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A joggler is a welding tool, known in the US as a 'panel flanger'. We looked it up. We love a good flange. It's also the name of O2's new attempt to drag people-carrier-driving, welly-boot-wearing parents into the digital age.

O2 is hoping to replace the tried-and-tested family kitchen calendar with a device that looks like a souped-up digital photo frame with a 179mm (7-inch) touchscreen and a suite of family-oriented applications.

We let our fingers do the walking with the panel flanger -- sorry, Joggler -- and found it easy to use. O2 wants to recapture its romance with the mums-and-dads market from when it was BT Cellnet, so it's keeping things so simple even a sleep-deprived parent with a full-time job can use it. There's no battery, stylus or keyboard, just a touchscreen with an iPhone-like home screen and a limited number of applications.

There's free news and weather from Sky, games -- currently just Sudoku, with more on the way -- and a handy traffic map that shows delays on A roads and motorways. It also fulfils its photo frame promise with a photo slideshow screensaver, and can play music (MP3, WAV, WMA) and videos (including MPEG-4, Divx, FLV and H.264). O2 also says that at launch, it will stream some pre-set Internet radio stations. But shockingly, there's no Web browser, which O2 says it excluded in the name of kiddy safety.

The Joggler's main event is O2's new shared calendar application. It's built into the Joggler and can also be accessed online. Parents who manage to escape their kitchen for a few hours can add appointments or check it by text.

It's very much targeted at busy families who need to keep track of little Jimmy's football matches. But like the humble kitchen calendar it's intended to replace, there's no way to import or export events, or sync with other calendars.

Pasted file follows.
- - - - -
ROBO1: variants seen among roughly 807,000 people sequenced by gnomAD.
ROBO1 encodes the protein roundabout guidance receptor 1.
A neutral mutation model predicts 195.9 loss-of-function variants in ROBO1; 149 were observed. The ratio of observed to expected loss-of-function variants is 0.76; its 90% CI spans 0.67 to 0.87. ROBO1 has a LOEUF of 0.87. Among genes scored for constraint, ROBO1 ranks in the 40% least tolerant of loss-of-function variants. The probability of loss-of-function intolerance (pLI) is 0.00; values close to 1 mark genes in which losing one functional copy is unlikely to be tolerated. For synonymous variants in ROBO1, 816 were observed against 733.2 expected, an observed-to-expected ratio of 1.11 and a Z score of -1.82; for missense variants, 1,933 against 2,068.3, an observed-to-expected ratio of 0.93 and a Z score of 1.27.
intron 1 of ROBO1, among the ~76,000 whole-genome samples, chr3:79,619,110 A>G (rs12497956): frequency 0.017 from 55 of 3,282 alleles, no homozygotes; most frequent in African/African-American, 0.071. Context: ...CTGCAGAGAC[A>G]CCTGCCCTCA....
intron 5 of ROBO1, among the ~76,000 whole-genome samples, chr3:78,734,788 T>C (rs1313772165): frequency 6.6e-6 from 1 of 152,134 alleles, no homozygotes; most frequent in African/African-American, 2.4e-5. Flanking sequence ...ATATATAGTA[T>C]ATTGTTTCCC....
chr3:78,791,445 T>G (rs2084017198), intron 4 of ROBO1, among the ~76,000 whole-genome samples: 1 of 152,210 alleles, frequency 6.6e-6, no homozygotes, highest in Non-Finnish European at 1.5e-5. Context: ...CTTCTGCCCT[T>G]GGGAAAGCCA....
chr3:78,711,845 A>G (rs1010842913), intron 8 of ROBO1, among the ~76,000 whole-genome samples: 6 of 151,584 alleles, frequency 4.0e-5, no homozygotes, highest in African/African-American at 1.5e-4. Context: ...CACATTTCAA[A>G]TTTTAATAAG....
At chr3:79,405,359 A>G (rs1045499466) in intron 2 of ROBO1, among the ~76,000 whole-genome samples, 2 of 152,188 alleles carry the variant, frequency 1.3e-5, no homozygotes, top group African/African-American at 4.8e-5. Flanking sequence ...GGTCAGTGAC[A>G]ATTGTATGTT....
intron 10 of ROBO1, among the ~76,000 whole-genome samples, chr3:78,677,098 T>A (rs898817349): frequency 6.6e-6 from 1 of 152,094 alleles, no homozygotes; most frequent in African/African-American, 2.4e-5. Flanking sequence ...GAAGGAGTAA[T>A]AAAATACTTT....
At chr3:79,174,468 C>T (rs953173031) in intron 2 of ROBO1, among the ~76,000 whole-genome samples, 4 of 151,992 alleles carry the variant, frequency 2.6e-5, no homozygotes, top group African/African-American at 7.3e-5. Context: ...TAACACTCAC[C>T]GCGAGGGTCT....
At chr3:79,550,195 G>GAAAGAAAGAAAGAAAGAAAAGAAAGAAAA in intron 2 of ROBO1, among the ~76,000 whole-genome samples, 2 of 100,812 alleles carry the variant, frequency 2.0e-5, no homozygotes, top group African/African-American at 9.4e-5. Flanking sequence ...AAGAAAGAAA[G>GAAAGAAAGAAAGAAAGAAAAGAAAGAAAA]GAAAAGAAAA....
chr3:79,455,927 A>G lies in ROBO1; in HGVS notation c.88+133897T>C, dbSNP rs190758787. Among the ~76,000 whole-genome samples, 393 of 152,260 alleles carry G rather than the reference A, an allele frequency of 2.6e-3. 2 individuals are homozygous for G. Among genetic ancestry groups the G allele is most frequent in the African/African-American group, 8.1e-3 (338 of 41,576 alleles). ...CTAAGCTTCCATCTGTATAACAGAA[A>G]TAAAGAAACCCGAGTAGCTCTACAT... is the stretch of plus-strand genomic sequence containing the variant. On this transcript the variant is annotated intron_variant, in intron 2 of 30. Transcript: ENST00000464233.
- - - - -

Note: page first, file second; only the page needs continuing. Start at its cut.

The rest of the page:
The Joggler connects to your home network by Wi-Fi or Ethernet cable, for the millions of us with Ethernet in the kitchen. There's also a USB2 port for a flash drive, along with 1GB of onboard memory. It doesn't take a SIM card, but O2 says it will have a messaging app that can send up to 50 text messages to any mobile in the UK for free. You can also send texts to your Joggler to let the kids know you're late for dinner, as if they don't have their mobiles glued to their ears anyway.

The screen is sharp and glossy, which makes it a great-looking digital picture frame. But at £150, it's a pricey one. The real question is whether a digital device can ever match the scribbled-on glory of the kitchen calendar, even if it adds handy features such as text messaging and weather reports. We're not sure if we're willing to spend the time typing events on to the Joggler, rather than just sticking them to the fridge -- especially when we'll have to do it all again in our work calendar because there's no syncing.

The Joggler is being released in April and it'll be free in lieu of an upgrade for O2 customers. For gadget-mad families due for an O2 upgrade, we can just about imagine the Joggler replacing that cheesy digital weather station on the kitchen windowsill. But with its laser-like focus on the family market, locked-down suite of applications, and lack of Web browser, it won't be much use to anyone else.

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The O2 Joggler's calendar application only allows you to add events for pre-configured people, and you have to set them up online. On the plus side, you can add your pets -- hey there, Scruff, got those doggy-daycare appointments covered.
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The soft keyboad for adding event names to the calendar. We found it perky.
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Get road rage in the privacy of your own home with the Joggler's traffic application.
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News, sports and weather is all provided by Sky, for free.
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There's no love for hackers, with lone Ethernet and USB2 ports keeping the Joggler locked down like Wormwood Scrubs.
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